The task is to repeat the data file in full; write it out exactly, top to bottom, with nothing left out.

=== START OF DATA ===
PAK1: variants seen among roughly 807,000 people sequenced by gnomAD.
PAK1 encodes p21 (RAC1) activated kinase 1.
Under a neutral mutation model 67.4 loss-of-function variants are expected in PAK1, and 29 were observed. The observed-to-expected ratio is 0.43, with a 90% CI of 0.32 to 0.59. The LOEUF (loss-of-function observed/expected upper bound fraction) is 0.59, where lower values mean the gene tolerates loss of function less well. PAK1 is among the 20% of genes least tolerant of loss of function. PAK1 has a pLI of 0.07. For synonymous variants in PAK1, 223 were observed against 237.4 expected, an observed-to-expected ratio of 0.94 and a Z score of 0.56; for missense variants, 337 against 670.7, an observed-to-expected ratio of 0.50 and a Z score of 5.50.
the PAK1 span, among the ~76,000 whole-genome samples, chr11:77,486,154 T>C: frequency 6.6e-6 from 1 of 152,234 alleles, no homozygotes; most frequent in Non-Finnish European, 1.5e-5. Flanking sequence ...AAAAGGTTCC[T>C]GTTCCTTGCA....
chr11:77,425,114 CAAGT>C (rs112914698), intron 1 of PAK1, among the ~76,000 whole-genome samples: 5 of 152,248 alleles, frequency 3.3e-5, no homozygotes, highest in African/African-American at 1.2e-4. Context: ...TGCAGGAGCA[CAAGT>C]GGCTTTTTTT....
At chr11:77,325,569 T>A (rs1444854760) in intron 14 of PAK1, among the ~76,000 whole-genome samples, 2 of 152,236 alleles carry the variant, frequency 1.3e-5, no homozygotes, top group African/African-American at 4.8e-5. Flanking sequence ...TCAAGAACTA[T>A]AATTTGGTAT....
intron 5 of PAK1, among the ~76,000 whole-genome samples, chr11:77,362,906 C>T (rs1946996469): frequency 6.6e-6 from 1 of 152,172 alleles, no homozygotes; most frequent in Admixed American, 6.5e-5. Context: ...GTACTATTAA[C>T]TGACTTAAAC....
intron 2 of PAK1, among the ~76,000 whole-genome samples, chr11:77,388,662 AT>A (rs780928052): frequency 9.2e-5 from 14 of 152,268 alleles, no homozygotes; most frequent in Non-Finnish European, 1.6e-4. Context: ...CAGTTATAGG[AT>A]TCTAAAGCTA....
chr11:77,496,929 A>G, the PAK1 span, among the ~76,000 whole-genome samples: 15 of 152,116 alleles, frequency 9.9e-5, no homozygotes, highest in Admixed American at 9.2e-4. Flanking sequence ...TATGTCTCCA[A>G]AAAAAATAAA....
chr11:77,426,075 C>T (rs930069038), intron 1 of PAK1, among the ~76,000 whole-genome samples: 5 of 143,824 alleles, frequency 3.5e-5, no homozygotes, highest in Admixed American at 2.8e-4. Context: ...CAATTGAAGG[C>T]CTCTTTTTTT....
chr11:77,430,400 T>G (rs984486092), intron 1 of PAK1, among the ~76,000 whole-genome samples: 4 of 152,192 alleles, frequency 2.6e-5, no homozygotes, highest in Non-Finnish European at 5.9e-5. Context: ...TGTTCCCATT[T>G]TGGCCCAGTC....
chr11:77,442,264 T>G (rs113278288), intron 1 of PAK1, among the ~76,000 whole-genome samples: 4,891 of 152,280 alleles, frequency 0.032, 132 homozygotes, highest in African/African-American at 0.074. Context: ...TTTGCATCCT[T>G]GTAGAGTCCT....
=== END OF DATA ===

PAK1: variants seen among roughly 807,000 people sequenced by gnomAD.
PAK1 encodes p21 (RAC1) activated kinase 1.
Under a neutral mutation model 67.4 loss-of-function variants are expected in PAK1, and 29 were observed. The observed-to-expected ratio is 0.43, with a 90% CI of 0.32 to 0.59. The LOEUF (loss-of-function observed/expected upper bound fraction) is 0.59, where lower values mean the gene tolerates loss of function less well. PAK1 is among the 20% of genes least tolerant of loss of function. PAK1 has a pLI of 0.07. For synonymous variants in PAK1, 223 were observed against 237.4 expected, an observed-to-expected ratio of 0.94 and a Z score of 0.56; for missense variants, 337 against 670.7, an observed-to-expected ratio of 0.50 and a Z score of 5.50.
the PAK1 span, among the ~76,000 whole-genome samples, chr11:77,486,154 T>C: frequency 6.6e-6 from 1 of 152,234 alleles, no homozygotes; most frequent in Non-Finnish European, 1.5e-5. Flanking sequence ...AAAAGGTTCC[T>C]GTTCCTTGCA....
chr11:77,425,114 CAAGT>C (rs112914698), intron 1 of PAK1, among the ~76,000 whole-genome samples: 5 of 152,248 alleles, frequency 3.3e-5, no homozygotes, highest in African/African-American at 1.2e-4. Context: ...TGCAGGAGCA[CAAGT>C]GGCTTTTTTT....
At chr11:77,325,569 T>A (rs1444854760) in intron 14 of PAK1, among the ~76,000 whole-genome samples, 2 of 152,236 alleles carry the variant, frequency 1.3e-5, no homozygotes, top group African/African-American at 4.8e-5. Flanking sequence ...TCAAGAACTA[T>A]AATTTGGTAT....
intron 5 of PAK1, among the ~76,000 whole-genome samples, chr11:77,362,906 C>T (rs1946996469): frequency 6.6e-6 from 1 of 152,172 alleles, no homozygotes; most frequent in Admixed American, 6.5e-5. Context: ...GTACTATTAA[C>T]TGACTTAAAC....
intron 2 of PAK1, among the ~76,000 whole-genome samples, chr11:77,388,662 AT>A (rs780928052): frequency 9.2e-5 from 14 of 152,268 alleles, no homozygotes; most frequent in Non-Finnish European, 1.6e-4. Context: ...CAGTTATAGG[AT>A]TCTAAAGCTA....
chr11:77,496,929 A>G, the PAK1 span, among the ~76,000 whole-genome samples: 15 of 152,116 alleles, frequency 9.9e-5, no homozygotes, highest in Admixed American at 9.2e-4. Flanking sequence ...TATGTCTCCA[A>G]AAAAAATAAA....
chr11:77,426,075 C>T (rs930069038), intron 1 of PAK1, among the ~76,000 whole-genome samples: 5 of 143,824 alleles, frequency 3.5e-5, no homozygotes, highest in Admixed American at 2.8e-4. Context: ...CAATTGAAGG[C>T]CTCTTTTTTT....
chr11:77,430,400 T>G (rs984486092), intron 1 of PAK1, among the ~76,000 whole-genome samples: 4 of 152,192 alleles, frequency 2.6e-5, no homozygotes, highest in Non-Finnish European at 5.9e-5. Context: ...TGTTCCCATT[T>G]TGGCCCAGTC....
chr11:77,442,264 T>G (rs113278288), intron 1 of PAK1, among the ~76,000 whole-genome samples: 4,891 of 152,280 alleles, frequency 0.032, 132 homozygotes, highest in African/African-American at 0.074. Context: ...TTTGCATCCT[T>G]GTAGAGTCCT....